MLA Platinum Award Press Release

BookBrowse Reviews Funny Girl by Nick Hornby

Summary |  Excerpt |  Reading Guide |  Reviews |  Beyond the book |  Readalikes |  Genres & Themes |  Author Bio

Funny Girl

by Nick Hornby

Funny Girl by Nick Hornby X
Funny Girl by Nick Hornby
  • Critics' Opinion:

    Readers' Opinion:

  • First Published:
    Feb 2015, 464 pages
    Paperback:
    Feb 2016, 480 pages

    Genres

  • Rate this book


Book Reviewed by:
Rebecca Foster
Buy This Book

About this Book

Reviews

BookBrowse:


Hornby's seventh novel is an inside look at 1960s British popular culture, as one young woman tries to make it big in television comedy.

Growing up in Blackpool, in the North of England, Barbara Parker wanted nothing more than to be the UK's answer to Lucille Ball. "She was so serious about watching comedy on the television that people thought she was a bit odd…It was, she sometimes felt, a bit like being religious." Now a young woman in the 1960s, she works in a local department store and lives with her father; her mother left the family 10 years ago. As the novel opens, Barbara tries a sideways route to fame through the Miss Blackpool beauty pageant. Although she wins the title, her goals are much greater – and London is the only place for a budding actress.

When she moves to the City, she gets another department store job and comes in for incessant teasing due to her northern accent. However, by a stroke of luck she meets a theatrical agent and auditions for a new Comedy Playhouse show called Wedded Bliss? Barbara takes a stage name, Sophie Straw, and changes the mediocre script to suit her talents.

The creators agree to a spin-off show, a North versus South comedy called Barbara (and Jim). Ironically, the show will be distinctive for starring "Barbara from Blackpool," the very identity Sophie was trying to flee. The fictional BBC sitcom runs for four seasons and becomes a comedy classic, attracting 17 million viewers. The novel traces the show's chronological development through close third-person sections moving between the different people involved. Clive Richardson, Sophie's costar, has a bad track record with women (including, later on, a broken engagement to Sophie). Producer Dennis Maxwell-Bishop is caught in an unhappy marriage with an adulteress, while writers Bill Gardiner and Tony Holmes met in a police cell when both were arrested for separate homosexual incidents.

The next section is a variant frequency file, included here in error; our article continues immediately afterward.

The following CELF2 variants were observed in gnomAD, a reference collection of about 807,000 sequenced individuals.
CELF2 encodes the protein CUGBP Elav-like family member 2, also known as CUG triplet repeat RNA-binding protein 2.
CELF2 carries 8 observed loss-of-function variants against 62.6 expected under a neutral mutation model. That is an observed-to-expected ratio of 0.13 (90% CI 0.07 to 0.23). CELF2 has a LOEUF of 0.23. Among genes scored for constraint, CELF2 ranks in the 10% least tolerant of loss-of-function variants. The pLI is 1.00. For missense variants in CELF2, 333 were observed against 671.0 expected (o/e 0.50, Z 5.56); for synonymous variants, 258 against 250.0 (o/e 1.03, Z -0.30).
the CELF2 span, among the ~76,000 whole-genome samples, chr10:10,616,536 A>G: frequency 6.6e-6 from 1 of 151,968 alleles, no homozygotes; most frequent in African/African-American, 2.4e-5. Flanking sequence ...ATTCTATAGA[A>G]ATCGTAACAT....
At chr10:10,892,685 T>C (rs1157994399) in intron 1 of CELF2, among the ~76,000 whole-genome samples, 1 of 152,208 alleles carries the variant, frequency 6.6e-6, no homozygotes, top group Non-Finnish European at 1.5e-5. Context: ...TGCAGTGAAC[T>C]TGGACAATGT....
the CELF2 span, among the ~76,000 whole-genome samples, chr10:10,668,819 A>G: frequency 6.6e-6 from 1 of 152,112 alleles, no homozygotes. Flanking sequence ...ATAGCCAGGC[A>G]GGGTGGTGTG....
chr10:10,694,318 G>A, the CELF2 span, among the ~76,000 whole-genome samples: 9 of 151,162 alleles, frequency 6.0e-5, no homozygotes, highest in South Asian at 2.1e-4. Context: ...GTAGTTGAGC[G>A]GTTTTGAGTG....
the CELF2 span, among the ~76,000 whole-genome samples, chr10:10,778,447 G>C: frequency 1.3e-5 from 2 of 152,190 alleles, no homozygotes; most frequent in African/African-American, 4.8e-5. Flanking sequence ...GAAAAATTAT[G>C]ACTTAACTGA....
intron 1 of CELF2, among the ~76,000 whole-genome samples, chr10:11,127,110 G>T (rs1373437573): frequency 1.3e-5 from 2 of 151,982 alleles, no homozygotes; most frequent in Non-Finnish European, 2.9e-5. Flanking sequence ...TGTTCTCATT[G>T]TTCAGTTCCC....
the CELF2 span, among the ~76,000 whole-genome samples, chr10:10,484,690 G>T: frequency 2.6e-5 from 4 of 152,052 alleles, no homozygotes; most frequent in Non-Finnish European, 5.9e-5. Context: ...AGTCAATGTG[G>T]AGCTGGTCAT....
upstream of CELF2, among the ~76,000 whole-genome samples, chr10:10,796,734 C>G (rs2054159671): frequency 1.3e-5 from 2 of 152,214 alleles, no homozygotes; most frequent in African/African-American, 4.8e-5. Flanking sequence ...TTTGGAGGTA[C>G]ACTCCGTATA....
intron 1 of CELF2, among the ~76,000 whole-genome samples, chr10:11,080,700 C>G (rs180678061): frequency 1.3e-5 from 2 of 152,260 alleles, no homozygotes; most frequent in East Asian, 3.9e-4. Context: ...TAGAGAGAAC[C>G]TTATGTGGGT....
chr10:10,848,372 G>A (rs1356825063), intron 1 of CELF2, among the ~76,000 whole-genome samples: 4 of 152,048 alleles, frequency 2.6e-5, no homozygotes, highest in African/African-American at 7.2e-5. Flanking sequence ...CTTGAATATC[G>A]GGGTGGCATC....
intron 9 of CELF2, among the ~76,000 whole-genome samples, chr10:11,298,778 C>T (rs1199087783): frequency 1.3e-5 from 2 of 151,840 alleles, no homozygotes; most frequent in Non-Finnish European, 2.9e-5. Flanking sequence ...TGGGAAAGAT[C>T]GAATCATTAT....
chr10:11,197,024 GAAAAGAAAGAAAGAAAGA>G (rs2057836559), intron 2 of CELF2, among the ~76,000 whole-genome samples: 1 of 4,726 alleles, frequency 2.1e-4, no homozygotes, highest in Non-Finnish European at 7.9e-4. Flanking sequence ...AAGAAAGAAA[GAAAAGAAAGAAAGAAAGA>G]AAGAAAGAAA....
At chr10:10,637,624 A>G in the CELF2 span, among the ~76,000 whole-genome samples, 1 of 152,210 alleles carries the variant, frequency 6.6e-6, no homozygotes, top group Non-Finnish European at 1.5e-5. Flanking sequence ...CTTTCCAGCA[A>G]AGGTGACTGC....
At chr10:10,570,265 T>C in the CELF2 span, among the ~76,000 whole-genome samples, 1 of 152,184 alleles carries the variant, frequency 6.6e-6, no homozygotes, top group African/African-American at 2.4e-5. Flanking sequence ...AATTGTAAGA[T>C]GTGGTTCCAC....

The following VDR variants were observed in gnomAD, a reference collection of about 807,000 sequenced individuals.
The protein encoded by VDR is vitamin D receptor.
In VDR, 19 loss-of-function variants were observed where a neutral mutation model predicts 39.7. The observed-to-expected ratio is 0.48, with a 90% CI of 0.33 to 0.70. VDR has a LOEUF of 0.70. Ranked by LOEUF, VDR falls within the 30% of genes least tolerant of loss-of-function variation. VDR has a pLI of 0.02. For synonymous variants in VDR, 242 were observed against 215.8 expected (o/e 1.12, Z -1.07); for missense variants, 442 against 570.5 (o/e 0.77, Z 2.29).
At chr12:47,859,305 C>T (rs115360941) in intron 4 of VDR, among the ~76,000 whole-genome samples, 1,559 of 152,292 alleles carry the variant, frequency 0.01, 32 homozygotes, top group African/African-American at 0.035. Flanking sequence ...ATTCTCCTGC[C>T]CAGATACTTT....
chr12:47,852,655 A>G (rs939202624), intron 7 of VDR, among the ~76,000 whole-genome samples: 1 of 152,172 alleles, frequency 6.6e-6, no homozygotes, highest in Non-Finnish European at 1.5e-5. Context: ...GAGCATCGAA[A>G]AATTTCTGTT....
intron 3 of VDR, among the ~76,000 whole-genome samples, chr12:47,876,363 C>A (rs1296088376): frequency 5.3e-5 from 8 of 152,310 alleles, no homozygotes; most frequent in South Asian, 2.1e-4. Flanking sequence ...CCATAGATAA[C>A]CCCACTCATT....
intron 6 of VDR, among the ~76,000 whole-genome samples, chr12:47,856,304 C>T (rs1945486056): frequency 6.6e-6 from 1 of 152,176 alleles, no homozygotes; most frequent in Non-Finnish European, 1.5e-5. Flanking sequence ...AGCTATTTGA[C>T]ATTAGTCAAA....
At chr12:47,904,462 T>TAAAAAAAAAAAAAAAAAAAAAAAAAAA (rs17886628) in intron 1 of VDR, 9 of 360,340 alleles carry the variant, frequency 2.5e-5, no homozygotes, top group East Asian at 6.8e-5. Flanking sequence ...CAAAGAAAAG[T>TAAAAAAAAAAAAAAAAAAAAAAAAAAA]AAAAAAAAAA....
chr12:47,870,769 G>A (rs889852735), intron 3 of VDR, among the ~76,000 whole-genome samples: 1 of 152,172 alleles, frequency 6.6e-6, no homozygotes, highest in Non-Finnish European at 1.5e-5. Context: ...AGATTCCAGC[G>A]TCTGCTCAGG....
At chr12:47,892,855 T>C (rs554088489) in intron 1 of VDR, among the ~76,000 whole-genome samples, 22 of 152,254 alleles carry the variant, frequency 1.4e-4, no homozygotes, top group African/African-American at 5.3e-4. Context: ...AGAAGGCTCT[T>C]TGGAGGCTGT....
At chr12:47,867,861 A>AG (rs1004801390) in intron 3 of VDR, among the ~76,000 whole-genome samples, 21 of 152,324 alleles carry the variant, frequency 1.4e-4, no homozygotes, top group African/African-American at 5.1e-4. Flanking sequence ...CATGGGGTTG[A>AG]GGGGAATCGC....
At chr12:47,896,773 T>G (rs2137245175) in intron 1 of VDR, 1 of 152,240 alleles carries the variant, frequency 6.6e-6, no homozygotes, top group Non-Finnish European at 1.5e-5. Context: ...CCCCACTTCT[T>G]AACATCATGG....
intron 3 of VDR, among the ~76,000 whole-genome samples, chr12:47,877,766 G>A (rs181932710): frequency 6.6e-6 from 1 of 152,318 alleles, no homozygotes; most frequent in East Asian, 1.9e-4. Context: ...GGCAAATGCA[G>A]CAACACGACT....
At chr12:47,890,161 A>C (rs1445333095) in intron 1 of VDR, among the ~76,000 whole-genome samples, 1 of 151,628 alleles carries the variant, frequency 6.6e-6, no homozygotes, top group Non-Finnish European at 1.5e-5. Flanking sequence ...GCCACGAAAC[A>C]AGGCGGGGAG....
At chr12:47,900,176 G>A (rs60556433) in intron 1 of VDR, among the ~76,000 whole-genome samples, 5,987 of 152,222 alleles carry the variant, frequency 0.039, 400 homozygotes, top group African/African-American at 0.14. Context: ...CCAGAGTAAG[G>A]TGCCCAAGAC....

With Funny Girl, Hornby tries out a different setting for the first time; his six previous novels comment on their contemporary (1990s–2010s) setting. However (as he did especially well in High Fidelity and About a Boy), he is a pro at using popular culture to define a time period. The Swinging Sixties was a golden age for BBC comedy (see 'Beyond the Book'), and both the television industry and society as a whole were undergoing rapid changes. All the young women look like Twiggy, Hair introduces public nudity on stage, and Sophie meets one of the musicians of the Yardbirds at a club. A generation shift is underway.

In some ways Barbara (and Jim) symbolizes the transition from I Love Lucy's slapstick to more edgy relationship-based comedy. So although an early episode has Barbara attempting some plumbing and causing a flood, later episodes focus on the couple's marital troubles. The plot often comes uncomfortably close to home for writer Tony, a closeted homosexual married to a fellow BBC employee, June. The fictional Barbara and Jim have trouble consummating their marriage but delight in an unexpected pregnancy, just like Tony and June.